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Inicio Revista Española de Anestesiología y Reanimación (English Edition) Hip fracture in elderly and COVID-19 infection. Report of 3 cases
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Vol. 68. Issue 2.
Pages 99-102 (February 2021)
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Vol. 68. Issue 2.
Pages 99-102 (February 2021)
Case report
DOI: 10.1016/j.redare.2020.05.017
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Hip fracture in elderly and COVID-19 infection. Report of 3 cases
Fractura de cadera en el anciano e infección por COVID-19. Descripción de 3 casos
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J.M. Rabanal LLevot
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josemanuel.rabanal@scsalud.es

Corresponding author.
, F.M. Moreno Suarez, A. Merodio Gómez, A. Solar Herrera, G. Tejón Pérez
Servicio de Anestesiología y Reanimación, Hospital Universitario Marqués de Valdecilla, Santander, Cantabria, Spain
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Table 1. Maximum or minimum lab markers of poor prognosis and day of onset after admission.
Abstract

Since its first description in china in January 2020, COVID-19 pandemia outbreak has affected health organization and conventional care in all settings as wards, intensive care and surgery. Hip fracture patients usually are older and have a lot of comorbidities. This type of patients benefit from early surgery. However, surgery in COVID-19 patients with active infection is associate with bad outcomes and mortality. We present three patients with COVID infection undergoing hip fracture surgery. Surgery was performed tree weeks after admission. Despite have risk factor (old age, arterial hypertension, elevated inflammatory parameters) the outcome was good and were discharged from hospital without events.

Keywords:
Coronavirus disease 2019 (COVID)
Hip fracture
Elderly
Resumen

La pandemia COVID-19 y su diseminación desde la descripción de los primeros casos en China en enero de 2020, ha condicionado la organización sanitaria y la asistencia convencional, tanto en sala de hospitalización como en unidades de cuidados intensivos (UCI), o consultas y actividad quirúrgica. Los pacientes con fractura de cadera, habitualmente ancianos y pluripatológicos, se benefician de una intervención precoz, sin embargo, la cirugía en presencia de infección SARS-CoV-2 activa, parece condicionar una morbimortalidad elevada. Presentamos 3 casos de pacientes ancianos con COVID-19 y fractura de cadera, intervenidos tras 3 semanas de evolución y con presencia de PCR positiva. A pesar de factores pronósticos de gravedad (edad, hipertensión arterial y marcadores de inflamación elevados) el postoperatorio fue el habitual y fueron dados de alta del hospital.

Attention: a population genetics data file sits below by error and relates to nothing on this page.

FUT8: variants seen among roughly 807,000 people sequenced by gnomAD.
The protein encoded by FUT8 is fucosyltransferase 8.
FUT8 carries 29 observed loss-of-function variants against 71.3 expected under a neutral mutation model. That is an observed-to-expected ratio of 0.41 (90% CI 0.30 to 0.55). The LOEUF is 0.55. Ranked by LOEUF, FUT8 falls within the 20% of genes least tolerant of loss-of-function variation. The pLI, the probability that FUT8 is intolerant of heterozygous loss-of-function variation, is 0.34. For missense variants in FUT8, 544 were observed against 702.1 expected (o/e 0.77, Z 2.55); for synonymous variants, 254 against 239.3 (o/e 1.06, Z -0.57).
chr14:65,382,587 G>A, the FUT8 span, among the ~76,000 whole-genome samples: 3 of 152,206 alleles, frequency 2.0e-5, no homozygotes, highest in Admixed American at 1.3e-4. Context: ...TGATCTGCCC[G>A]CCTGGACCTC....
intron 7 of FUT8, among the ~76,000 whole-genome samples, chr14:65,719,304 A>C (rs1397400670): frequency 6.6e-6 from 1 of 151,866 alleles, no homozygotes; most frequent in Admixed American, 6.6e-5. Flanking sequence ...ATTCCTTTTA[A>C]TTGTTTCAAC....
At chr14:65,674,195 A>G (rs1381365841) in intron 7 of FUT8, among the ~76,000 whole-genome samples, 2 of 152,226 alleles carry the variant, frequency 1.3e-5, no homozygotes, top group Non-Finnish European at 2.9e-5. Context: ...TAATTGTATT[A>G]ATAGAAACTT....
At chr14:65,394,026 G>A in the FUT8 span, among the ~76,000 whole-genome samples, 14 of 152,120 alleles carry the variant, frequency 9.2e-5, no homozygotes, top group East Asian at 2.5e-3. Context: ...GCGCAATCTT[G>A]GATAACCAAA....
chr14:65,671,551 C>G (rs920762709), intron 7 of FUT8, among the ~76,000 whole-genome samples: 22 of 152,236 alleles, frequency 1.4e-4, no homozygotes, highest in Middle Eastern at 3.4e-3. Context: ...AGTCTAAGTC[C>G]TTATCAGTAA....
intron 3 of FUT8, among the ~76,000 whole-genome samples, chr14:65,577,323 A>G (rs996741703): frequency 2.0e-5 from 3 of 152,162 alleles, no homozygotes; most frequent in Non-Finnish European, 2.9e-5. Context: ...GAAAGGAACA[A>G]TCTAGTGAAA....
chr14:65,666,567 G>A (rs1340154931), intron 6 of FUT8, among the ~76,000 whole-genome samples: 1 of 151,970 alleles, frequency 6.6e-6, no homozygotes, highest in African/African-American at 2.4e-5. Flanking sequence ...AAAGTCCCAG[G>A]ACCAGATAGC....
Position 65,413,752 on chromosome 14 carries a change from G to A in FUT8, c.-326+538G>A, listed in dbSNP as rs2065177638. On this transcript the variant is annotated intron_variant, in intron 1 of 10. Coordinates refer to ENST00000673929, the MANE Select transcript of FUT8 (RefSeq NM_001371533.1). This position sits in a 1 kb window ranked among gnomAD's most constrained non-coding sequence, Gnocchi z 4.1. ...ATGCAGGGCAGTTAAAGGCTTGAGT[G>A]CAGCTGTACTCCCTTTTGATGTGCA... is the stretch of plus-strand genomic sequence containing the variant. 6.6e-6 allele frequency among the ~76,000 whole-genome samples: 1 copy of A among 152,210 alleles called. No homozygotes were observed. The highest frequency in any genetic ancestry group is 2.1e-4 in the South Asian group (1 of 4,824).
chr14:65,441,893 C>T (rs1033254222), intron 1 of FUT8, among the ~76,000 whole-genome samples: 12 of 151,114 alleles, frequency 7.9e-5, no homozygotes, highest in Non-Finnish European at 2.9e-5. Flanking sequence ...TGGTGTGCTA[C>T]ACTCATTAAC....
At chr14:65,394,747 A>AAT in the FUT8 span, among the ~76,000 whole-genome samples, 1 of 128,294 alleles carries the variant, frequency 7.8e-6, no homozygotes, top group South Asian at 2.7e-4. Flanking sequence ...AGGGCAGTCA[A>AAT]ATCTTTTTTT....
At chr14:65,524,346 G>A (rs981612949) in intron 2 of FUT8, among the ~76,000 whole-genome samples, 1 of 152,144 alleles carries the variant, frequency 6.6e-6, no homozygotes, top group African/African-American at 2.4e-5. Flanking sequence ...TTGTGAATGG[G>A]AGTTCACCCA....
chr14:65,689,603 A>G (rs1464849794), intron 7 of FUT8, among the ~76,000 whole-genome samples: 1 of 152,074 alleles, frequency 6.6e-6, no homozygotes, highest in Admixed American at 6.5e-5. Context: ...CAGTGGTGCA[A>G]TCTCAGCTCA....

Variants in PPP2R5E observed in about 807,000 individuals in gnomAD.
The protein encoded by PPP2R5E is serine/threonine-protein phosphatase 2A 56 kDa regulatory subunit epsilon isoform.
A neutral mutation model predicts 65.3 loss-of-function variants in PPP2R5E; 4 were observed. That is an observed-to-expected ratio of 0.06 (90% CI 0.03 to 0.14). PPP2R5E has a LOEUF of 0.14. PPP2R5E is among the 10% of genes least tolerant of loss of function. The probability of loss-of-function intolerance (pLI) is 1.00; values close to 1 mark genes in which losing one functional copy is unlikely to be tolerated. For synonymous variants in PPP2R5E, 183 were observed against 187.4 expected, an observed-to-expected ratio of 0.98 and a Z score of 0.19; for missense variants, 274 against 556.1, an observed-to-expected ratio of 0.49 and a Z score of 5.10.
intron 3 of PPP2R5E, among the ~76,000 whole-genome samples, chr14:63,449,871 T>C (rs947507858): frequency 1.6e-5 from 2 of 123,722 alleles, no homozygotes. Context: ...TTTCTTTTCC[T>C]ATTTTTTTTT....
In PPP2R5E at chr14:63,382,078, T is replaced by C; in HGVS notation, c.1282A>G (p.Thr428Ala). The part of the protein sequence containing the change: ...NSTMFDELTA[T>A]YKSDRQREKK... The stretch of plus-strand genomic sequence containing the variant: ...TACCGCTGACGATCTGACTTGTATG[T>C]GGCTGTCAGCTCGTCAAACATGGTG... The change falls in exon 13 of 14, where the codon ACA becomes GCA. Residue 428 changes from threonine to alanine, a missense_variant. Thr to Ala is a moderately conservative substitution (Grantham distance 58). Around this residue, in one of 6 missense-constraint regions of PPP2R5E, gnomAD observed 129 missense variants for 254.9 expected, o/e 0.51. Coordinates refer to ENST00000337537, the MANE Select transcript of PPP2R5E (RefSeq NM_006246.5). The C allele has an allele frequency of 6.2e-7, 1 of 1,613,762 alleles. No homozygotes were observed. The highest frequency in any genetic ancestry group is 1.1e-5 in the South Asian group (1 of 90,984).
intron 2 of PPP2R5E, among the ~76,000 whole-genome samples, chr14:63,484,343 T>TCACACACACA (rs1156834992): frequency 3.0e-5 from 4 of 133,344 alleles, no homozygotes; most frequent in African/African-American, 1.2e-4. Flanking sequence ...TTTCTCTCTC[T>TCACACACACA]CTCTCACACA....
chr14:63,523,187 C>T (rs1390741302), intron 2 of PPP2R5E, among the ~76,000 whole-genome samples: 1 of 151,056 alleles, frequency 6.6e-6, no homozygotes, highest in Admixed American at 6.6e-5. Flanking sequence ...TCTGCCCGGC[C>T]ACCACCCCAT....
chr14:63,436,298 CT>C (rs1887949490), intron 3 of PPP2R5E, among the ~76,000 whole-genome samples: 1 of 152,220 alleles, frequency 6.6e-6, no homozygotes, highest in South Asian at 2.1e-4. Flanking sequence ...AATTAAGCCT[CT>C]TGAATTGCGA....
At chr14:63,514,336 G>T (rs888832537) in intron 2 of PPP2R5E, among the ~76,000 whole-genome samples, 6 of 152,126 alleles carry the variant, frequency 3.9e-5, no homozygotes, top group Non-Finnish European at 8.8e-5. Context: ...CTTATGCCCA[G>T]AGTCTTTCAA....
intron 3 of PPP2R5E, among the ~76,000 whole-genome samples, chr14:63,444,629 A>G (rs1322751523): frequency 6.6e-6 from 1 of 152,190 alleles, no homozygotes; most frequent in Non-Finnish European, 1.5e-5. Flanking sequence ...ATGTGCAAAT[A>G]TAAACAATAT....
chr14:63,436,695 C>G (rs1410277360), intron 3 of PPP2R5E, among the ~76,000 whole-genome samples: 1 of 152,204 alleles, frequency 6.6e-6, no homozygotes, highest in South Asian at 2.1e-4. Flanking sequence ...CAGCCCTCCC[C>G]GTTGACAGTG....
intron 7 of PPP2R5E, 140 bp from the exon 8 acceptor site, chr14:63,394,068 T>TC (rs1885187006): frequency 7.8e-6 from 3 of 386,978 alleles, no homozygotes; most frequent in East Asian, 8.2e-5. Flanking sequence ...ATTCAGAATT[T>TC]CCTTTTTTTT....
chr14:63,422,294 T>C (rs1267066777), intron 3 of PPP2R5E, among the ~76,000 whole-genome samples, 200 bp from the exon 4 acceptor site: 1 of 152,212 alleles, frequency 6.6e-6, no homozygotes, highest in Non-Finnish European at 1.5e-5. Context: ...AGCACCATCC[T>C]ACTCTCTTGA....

Palabras clave:
Enfermedad por coronavirus 2019 (COVID)
Fractura de cadera
Anciano
Full Text
Introduction

Since mid-April 2020, more than 2.4 million cases of COVID-19 (infection caused by coronavirus 2 and associated with severe acute respiratory syndrome, SARS-CoV-2) have been reported.1

Although people of any age are at risk of infection and serious disease, the probability of very serious COVID infection and death is higher in people over 65 years of age, while a mortality rate of 75% has been described in patients aged over 80 years admitted to the ICU.2 The incidence of hip fracture in the elderly and the benefits of early surgery are known; however, surgery in patients with COVID-19 appears to be associated with high morbidity and mortality.3 We present 3 cases of elderly patients with hip fracture and COVID infection in whom surgery was successful.